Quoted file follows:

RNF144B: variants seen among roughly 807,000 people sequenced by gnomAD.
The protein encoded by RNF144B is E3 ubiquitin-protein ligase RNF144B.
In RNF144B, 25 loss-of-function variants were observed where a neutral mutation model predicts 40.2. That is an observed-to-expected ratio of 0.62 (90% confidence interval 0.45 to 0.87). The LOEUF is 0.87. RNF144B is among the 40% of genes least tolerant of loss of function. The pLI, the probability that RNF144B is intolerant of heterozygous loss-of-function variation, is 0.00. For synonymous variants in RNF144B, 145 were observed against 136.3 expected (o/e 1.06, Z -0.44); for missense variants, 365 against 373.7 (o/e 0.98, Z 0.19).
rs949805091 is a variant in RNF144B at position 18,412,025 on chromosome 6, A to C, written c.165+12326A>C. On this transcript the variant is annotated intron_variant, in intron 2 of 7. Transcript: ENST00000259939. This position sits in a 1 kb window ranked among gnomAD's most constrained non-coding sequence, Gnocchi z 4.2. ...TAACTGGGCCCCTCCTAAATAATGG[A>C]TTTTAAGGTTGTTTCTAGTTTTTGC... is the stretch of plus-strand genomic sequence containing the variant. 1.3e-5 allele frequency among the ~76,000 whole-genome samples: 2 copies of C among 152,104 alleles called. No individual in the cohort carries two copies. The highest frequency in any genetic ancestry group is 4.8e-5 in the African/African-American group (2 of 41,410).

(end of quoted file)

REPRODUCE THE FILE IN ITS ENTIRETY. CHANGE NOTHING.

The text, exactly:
RNF144B: variants seen among roughly 807,000 people sequenced by gnomAD.
The protein encoded by RNF144B is E3 ubiquitin-protein ligase RNF144B.
In RNF144B, 25 loss-of-function variants were observed where a neutral mutation model predicts 40.2. That is an observed-to-expected ratio of 0.62 (90% confidence interval 0.45 to 0.87). The LOEUF is 0.87. RNF144B is among the 40% of genes least tolerant of loss of function. The pLI, the probability that RNF144B is intolerant of heterozygous loss-of-function variation, is 0.00. For synonymous variants in RNF144B, 145 were observed against 136.3 expected (o/e 1.06, Z -0.44); for missense variants, 365 against 373.7 (o/e 0.98, Z 0.19).
rs949805091 is a variant in RNF144B at position 18,412,025 on chromosome 6, A to C, written c.165+12326A>C. On this transcript the variant is annotated intron_variant, in intron 2 of 7. Transcript: ENST00000259939. This position sits in a 1 kb window ranked among gnomAD's most constrained non-coding sequence, Gnocchi z 4.2. ...TAACTGGGCCCCTCCTAAATAATGG[A>C]TTTTAAGGTTGTTTCTAGTTTTTGC... is the stretch of plus-strand genomic sequence containing the variant. 1.3e-5 allele frequency among the ~76,000 whole-genome samples: 2 copies of C among 152,104 alleles called. No individual in the cohort carries two copies. The highest frequency in any genetic ancestry group is 4.8e-5 in the African/African-American group (2 of 41,410).